To create the Orion visualization, researchers composited a 3-D model of the nebula pieced together by astronomer C.R. O'Dell and graduate student Zheng Wen at Rice University and two-dimensional photographs of the Orion Nebula provided by NASA's Hubble Telescope and the European Space Agency (ESA). Renowned astronomical artist Carter Emmart, the Digital Galaxy project's manager for science visualization, and programmer Erik Wesselak combined spatial models and image data to define the starship,s flight path. Then Nadeau converted the polygonal model to 3-D voxel data and perturbed the unnaturally smooth surfaces of the model into more realistic cloudy structures that can be fuzzy, wispy, or blotchy depending on the degree of disturbance.

"Moving-perspective views of fuzzy objects present a difficult rendering problem," said SDSC's Jon Genetti, one of the authors of MPIRE. "The Hayden visualization experts were skeptical that anyone could make realistic movies of the nebula. We managed to surprise them." MPIRE was developed for distributed-memory massively parallel processor systems, and pre-production renderings were produced for the planetarium project using SDSC's Tera MTA.

"For decades, millions of people -- children and adults -- were introduced to the wonders of the universe by the old Hayden Planetarium," Karin said. "Now it's reborn as an exciting, vital institution for the twenty-first century, and we're delighted to contribute to the success of the new planetarium."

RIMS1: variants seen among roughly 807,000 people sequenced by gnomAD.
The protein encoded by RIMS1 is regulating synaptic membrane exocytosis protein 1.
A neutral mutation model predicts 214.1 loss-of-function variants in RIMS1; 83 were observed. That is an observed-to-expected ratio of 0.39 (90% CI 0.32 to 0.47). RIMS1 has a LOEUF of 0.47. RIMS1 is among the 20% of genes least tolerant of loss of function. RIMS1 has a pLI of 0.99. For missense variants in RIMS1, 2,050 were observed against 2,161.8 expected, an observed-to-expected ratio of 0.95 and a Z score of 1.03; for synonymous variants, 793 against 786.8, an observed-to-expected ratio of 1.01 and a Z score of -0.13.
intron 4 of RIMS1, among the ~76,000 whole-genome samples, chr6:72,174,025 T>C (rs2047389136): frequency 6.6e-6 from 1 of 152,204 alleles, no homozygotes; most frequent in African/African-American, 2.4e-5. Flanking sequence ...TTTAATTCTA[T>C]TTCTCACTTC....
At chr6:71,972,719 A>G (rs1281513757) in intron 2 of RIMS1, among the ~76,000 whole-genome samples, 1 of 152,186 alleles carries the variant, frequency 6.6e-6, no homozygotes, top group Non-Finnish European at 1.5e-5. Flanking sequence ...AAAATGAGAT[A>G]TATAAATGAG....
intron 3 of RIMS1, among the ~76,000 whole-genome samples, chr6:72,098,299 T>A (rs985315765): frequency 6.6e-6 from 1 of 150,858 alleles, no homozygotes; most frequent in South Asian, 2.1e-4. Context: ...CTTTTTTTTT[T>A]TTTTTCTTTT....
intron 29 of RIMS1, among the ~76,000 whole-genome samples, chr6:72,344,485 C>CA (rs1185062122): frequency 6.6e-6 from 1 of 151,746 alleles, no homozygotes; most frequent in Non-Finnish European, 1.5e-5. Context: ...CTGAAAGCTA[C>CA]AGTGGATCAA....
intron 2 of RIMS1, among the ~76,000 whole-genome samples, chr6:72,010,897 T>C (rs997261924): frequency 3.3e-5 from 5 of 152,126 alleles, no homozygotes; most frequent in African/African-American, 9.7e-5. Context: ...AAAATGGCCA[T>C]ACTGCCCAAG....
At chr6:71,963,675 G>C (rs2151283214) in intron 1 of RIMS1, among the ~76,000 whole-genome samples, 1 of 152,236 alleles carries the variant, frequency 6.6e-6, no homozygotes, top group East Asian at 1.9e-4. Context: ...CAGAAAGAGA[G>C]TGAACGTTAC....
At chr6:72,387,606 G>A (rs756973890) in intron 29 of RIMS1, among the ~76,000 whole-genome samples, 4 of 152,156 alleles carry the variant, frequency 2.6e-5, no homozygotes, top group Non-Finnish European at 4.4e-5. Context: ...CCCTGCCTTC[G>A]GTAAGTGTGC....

The Hayden Planetarium is part of the Frederick Phineas and Sandra Priest Rose Center for Earth and Space ( http://www.amnh.org/rose/), part of the American Museum of Natural History in New York City at Central Park West and 79th Street.

Blue Horizon at SDSC is one of the world's top ten supercomputers. It is being used by nation's scientific community for breakthrough research in such areas as climate modeling and weather prediction, mapping and modeling the human brain, modeling ecosystems and the transport of substances through the environment, investigating the biochemical interactions of molecules and cells, and mapping the genomes of living organisms. The machine is available to researchers through the National Partnership for Advanced Computational Infrastructure, funded by the National Science Foundation. For more information on Blue Horizon, see http://www.sdsc.edu/Resources/bluehorizon.html.

The San Diego Supercomputer Center is an Organized Research Unit of the University of California, San Diego, and the leading-edge site of the National Partnership for Advanced Computational Infrastructure ( http://www.npaci.edu/). SDSC is funded by the National Science Foundation through NPACI and by other federal agencies, the State and University of California, and private organizations. For additional information about SDSC and NPACI, see http://www.sdsc.edu/ or contact David Hart, dhart@sdsc.edu, 858-534-8314.

A re-rendered image corresponding to a frame from "Passport to the Universe" is available on the Web via http://www.npaci.edu/online/v4.3/planetarium.html -- click on the thumbnail image for a 640x480 JPEG. A publication-quality image (2560x2048 resolution, 12.5 MB TIFF) is available via ftp://ftp.sdsc.edu/outgoing/genetti/pocket2.tif. David Nadeau, Jon Genetti, and Greg Johnson generated this view of the center of the Orion Nebula from the vantage point of a starship for the Hayden Planetarium's Digital Galaxy project, using the Galactic MPIRE visualization package running on Blue Horizon, NPACI's teraflops IBM SP. The image is based on a 3-D model and color-corrected images by C.R. O'Dell and Zheng Wen of Rice University with visual refinements by Hayden's Dennis Davidson, Carter Emmart, and Erik Wesselak. Copyright 2000, San Diego Supercomputer Center. Permission granted to reproduce with credit: Jon Genetti, San Diego Supercomputer Center.